He demanded that the government show and prove its reasons for suggesting such an amendment to the RTI Act. "What constituted an illegal denial of information earlier will be converted to legal denial," he said.
Referring to the recent cases, Singh said, "There are countless cases in which information is denied on the ground of 8 (1)(J). In a case related to the Public Works Department in which information was sought about bills raised by the contractors where the amount was paid without the work being completed is denying invoking section 8(1)(J). In another case, the Education Department refused to share the attendance record of a teacher drawing a salary without coming to school. Likewise, the Mining Department refused to disclose information on royalty paid by a mining firm since it had claimed that this was 'personal information'.
Also, he said, in one case, an officer had two caste certificates, but when information was asked for under the RTI Act, it was denied on the ground that it was 'personal information'.
Section 8(1)(j) says no information would be provided in some cases barring when it is in the larger public interest; the new Bill changes this provision. Also, he lamented that it does away with the provision, which stated that information which cannot be denied to Parliament or a State Assembly would not be denied to an appellant.
He insisted that the RTI Act not be changed since it is the first law that declares regular citizens to be the "maliks," or the true rulers, rather than the government.
Another former central information commissioner and IPS officer, Yashovardhan Azad, spoke about how the Data Protection Bill will trample upon the provisions of the RTI Act, which he said was called "the sunshine legislation when it was enacted".
Azad said the RTI Act provides a preamble for transparency and accountability. "Article 13 of the Constitution says that no executive action or law can be brought that goes against the basic rights of the people. And yet today, if we are trying to expand the horizons of Section 8 (1)(j) and saying that in view of breach of privacy no information will be given, then this would directly impact the people's right to information."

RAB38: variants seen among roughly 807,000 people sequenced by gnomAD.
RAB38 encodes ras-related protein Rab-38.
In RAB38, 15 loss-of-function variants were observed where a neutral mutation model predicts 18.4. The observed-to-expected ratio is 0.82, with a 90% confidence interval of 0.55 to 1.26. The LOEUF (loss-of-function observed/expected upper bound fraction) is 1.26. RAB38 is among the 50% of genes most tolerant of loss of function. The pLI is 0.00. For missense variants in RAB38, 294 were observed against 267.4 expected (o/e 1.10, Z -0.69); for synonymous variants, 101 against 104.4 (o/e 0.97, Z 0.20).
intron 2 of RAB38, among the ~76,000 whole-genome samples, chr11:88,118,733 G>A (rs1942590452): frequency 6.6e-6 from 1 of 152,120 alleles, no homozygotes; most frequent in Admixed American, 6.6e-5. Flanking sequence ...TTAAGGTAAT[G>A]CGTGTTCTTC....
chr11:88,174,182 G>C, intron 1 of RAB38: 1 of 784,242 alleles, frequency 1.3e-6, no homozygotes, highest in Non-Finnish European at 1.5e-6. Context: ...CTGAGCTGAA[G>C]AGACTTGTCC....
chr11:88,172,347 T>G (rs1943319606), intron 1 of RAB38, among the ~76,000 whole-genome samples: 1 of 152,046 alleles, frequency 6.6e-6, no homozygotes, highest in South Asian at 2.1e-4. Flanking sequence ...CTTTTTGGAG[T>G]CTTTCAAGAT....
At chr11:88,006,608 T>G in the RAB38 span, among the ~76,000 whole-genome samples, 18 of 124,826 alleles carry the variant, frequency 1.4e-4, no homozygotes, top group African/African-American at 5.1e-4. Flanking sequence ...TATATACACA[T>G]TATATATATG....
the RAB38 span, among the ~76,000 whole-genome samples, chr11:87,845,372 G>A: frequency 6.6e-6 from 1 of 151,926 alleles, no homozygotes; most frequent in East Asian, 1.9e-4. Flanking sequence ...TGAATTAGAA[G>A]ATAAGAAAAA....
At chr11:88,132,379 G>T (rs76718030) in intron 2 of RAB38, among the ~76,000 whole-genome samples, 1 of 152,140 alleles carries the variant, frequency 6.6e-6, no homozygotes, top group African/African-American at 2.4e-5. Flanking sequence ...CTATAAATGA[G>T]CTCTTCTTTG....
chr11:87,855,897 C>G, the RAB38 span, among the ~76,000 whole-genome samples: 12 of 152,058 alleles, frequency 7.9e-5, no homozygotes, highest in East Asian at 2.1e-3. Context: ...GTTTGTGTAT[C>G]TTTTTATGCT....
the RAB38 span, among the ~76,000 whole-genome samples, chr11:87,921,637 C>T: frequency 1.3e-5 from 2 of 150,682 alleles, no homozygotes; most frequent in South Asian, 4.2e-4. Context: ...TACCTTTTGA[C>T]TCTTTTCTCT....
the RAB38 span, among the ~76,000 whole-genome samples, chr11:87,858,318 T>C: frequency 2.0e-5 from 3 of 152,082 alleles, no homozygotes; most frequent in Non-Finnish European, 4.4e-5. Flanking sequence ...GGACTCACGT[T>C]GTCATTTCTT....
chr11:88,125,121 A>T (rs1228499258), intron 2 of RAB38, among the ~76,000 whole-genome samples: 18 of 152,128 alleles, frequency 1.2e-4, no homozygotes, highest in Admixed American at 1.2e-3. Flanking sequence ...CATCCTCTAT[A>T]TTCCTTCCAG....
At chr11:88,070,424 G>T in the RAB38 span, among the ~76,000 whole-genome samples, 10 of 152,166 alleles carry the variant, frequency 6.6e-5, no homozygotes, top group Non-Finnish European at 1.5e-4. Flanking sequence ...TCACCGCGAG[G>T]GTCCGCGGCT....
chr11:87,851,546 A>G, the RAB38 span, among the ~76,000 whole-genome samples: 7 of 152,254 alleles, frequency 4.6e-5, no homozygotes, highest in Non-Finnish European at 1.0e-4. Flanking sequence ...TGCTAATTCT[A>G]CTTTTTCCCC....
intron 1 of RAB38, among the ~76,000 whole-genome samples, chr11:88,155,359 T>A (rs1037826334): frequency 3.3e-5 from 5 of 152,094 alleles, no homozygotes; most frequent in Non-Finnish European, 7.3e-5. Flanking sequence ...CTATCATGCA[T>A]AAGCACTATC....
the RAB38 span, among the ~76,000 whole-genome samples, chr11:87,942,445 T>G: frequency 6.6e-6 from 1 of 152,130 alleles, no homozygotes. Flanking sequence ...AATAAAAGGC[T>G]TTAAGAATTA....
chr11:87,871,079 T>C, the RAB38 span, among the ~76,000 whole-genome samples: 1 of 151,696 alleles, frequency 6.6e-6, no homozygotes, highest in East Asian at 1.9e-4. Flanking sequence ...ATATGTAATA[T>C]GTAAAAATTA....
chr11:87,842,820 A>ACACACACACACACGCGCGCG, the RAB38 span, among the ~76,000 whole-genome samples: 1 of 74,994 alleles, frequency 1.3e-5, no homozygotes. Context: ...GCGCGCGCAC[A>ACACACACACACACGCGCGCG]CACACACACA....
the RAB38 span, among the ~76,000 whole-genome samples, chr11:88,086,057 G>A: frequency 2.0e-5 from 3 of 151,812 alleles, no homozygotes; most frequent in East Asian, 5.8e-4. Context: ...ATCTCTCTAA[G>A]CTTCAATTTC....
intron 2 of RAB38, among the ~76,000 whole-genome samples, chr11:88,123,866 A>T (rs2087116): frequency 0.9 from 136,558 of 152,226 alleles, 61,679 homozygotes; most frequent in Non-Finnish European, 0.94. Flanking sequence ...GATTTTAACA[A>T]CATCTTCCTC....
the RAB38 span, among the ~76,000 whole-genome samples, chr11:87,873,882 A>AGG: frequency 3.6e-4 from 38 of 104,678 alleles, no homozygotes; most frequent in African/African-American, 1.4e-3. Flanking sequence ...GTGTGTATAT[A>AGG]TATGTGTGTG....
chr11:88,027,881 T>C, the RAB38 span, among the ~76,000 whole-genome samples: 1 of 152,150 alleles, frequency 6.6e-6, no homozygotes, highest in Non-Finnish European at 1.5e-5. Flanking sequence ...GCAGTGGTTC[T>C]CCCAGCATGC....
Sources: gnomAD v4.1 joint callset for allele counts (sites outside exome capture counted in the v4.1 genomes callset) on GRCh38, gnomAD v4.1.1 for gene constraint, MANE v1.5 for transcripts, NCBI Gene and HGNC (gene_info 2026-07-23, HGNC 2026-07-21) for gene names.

He further said, "This is not the first time the Union government and bureaucrats tried to twist the RTI law, but they backed out when civil societies relented. If this law is passed in its current form, we can only access the budget. It's time for civil societies to speak up against it."
Former state information commissioner and journalist Aatmdeep said there are four provisions in the Data Protection Bill which are "not only unnecessary but will hit RTI Act. He said these provisions "remove the difference between personal data and personal information".
"Since the new Bill does not define personal data, it might result in a situation where all information is concealed. Therefore, we urge that these four clauses be repealed and that no changes be made to the RTI Act, he added.
Pointing to the media, he said, "RTI is the strongest tool for journalists to acquire information. Besides, Section 12 to 14 of the data protection law says if the media publishes a report with sources, it will be considered a violation of the protection bill and will be sued. Journalists should speak up before they are forced to be silent."
Aatmdeep stated that third-party information would also be impacted, and businesses would now be exempt from sharing information. He also stated that persons would be penalised for obtaining, distributing, or publishing such personal information. "Now, all sorts of information will be concealed."
Gaikwad said there is no judicial or political will to uphold the people's right to information. "This is all supporting corruption," he said while referring to the Data Protection Bill's impact on the RTI Act.
A Rewa-bases social activist Shivanand Dwivedi, who was anchoring the press conference, also submitted a memorandum to the Rewa collector demanding changes in the proposed draft.